THE ADVANTAGES of retaining the rectum in patients requiring colectomy for ulcerative colitis are clear. However, there is considerable discrepancy in the literature regarding the results of retaining the rectum and performing an ileoproctostomy. On the one hand it is claimed that this procedure is successful in most cases, and that the disease regresses in the rectum.1 On the other hand, many surgeons have been so frequently disappointed that they rarely perform an ileoproctostomy. An intermediate viewpoint is that ileoproctostomy may be satisfactory in selected cases where rectal disease is minimal at the time of surgery.2 In order to try and throw some light on these divergent views a study was undertaken of patients who between 1940 and 1950 had subtotal colectomies and ileostomies for ulcerative colitis at Massachusetts General Hospital between 1940-1950. The fate of the rectal stump in these patients has been recorded.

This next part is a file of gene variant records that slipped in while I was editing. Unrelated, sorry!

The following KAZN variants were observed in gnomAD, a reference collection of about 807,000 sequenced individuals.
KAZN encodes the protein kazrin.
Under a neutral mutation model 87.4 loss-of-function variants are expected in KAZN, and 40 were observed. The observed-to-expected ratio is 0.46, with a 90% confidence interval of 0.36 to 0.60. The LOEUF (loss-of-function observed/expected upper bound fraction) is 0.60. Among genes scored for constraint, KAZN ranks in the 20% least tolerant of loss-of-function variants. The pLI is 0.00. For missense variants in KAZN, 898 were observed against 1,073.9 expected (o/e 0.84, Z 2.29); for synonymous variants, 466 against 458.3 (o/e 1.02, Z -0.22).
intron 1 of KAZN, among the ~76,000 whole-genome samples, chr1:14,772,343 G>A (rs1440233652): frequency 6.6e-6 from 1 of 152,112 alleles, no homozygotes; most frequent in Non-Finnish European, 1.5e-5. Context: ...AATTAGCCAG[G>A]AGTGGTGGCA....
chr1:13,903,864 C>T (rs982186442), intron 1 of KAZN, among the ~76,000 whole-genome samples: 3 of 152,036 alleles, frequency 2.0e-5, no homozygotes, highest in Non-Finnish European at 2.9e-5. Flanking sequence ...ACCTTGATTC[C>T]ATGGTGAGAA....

Ninety-three patients were